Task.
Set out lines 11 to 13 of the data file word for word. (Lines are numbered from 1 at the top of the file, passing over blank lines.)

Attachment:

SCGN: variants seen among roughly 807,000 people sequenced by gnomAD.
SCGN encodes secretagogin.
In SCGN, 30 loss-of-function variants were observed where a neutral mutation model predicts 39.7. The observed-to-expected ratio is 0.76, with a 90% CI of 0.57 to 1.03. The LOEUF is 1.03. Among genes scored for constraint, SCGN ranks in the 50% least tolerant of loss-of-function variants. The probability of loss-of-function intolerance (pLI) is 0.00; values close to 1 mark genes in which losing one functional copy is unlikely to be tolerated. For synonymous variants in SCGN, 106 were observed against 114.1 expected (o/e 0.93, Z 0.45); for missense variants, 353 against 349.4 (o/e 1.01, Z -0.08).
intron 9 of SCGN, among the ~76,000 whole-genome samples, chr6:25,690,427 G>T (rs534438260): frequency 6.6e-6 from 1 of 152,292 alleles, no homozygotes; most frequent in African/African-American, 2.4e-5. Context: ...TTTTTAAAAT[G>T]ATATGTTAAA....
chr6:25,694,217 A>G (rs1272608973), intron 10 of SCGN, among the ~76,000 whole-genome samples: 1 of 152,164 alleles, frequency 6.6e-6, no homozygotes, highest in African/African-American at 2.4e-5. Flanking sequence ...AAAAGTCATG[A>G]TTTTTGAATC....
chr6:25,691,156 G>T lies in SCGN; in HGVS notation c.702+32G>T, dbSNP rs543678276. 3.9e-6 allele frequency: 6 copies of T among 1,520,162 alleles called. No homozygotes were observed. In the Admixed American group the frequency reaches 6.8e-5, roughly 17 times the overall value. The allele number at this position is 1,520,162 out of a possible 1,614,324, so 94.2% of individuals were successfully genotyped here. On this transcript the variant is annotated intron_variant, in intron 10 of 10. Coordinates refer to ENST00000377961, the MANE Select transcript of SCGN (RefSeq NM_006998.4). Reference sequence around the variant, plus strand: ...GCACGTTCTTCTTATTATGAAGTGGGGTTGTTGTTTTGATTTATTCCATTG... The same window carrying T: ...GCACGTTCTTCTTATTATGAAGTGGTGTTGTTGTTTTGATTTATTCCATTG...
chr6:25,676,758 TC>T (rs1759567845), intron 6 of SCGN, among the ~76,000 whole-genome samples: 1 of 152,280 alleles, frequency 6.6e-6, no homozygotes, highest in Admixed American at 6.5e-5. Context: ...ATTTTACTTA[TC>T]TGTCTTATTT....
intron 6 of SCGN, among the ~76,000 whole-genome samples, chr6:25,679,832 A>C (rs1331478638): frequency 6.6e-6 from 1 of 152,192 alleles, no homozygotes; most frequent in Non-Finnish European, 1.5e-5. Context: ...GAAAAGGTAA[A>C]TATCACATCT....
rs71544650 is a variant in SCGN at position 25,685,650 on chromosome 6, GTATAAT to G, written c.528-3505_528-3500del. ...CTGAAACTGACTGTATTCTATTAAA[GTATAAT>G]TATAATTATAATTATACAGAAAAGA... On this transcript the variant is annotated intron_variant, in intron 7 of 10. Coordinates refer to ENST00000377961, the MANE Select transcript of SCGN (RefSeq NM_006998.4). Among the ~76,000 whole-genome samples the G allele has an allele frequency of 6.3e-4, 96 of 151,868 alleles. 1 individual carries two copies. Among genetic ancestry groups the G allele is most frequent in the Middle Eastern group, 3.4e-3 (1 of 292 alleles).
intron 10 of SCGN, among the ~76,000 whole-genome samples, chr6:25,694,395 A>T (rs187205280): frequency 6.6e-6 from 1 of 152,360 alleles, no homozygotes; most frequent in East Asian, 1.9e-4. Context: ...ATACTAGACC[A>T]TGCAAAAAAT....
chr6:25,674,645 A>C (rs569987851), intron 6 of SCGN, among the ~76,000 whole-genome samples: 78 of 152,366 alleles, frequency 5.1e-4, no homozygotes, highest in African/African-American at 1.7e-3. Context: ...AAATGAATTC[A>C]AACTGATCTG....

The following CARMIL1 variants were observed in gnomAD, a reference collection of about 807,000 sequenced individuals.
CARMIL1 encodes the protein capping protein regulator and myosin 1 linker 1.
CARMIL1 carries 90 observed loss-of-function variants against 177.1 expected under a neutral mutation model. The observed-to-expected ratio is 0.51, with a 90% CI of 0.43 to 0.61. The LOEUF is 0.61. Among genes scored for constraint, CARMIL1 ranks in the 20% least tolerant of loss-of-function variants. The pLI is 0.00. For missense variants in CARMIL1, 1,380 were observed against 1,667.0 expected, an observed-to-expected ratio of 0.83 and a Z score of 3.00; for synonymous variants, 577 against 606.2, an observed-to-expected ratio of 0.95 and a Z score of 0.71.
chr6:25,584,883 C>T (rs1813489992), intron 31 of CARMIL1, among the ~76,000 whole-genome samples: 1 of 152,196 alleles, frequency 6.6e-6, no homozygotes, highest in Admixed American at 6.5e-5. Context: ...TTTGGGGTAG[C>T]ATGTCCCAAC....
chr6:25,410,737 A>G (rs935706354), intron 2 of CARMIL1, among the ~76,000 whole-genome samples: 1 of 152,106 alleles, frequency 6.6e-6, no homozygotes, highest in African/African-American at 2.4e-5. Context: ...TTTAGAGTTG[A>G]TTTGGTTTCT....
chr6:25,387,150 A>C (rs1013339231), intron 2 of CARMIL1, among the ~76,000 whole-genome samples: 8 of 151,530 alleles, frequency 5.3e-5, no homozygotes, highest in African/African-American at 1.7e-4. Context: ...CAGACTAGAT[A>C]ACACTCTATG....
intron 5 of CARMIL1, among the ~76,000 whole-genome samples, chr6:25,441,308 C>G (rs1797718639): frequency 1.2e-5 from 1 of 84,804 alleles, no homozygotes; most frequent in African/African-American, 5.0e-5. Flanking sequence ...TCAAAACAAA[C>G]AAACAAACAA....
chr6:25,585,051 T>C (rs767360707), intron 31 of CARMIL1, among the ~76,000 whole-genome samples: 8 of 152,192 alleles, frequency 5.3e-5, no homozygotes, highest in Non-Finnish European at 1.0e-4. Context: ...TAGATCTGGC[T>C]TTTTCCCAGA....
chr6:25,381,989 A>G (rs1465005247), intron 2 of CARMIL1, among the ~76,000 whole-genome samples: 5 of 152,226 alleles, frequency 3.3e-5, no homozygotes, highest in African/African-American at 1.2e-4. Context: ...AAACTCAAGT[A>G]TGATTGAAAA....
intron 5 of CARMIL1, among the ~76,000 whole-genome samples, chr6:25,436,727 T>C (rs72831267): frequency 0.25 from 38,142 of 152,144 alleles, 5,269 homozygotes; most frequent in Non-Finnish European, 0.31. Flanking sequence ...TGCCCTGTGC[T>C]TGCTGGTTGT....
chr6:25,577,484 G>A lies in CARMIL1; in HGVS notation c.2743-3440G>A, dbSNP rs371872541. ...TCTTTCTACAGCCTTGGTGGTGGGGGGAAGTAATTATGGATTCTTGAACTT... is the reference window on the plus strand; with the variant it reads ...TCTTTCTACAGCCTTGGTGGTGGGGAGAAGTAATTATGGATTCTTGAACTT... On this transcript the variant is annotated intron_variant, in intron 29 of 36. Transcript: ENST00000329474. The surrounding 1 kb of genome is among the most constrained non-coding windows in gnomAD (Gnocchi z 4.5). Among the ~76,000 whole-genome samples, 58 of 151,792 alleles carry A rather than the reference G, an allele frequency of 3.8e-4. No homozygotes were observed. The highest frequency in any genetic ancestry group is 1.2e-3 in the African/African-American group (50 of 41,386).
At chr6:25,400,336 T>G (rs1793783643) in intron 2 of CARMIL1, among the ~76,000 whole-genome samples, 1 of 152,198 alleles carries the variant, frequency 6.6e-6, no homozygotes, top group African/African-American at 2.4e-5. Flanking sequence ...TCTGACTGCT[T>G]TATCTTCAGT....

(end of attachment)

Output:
chr6:25,674,645 A>C (rs569987851), intron 6 of SCGN, among the ~76,000 whole-genome samples: 78 of 152,366 alleles, frequency 5.1e-4, no homozygotes, highest in African/African-American at 1.7e-3. Context: ...AAATGAATTC[A>C]AACTGATCTG....

The following CARMIL1 variants were observed in gnomAD, a reference collection of about 807,000 sequenced individuals.
CARMIL1 encodes the protein capping protein regulator and myosin 1 linker 1.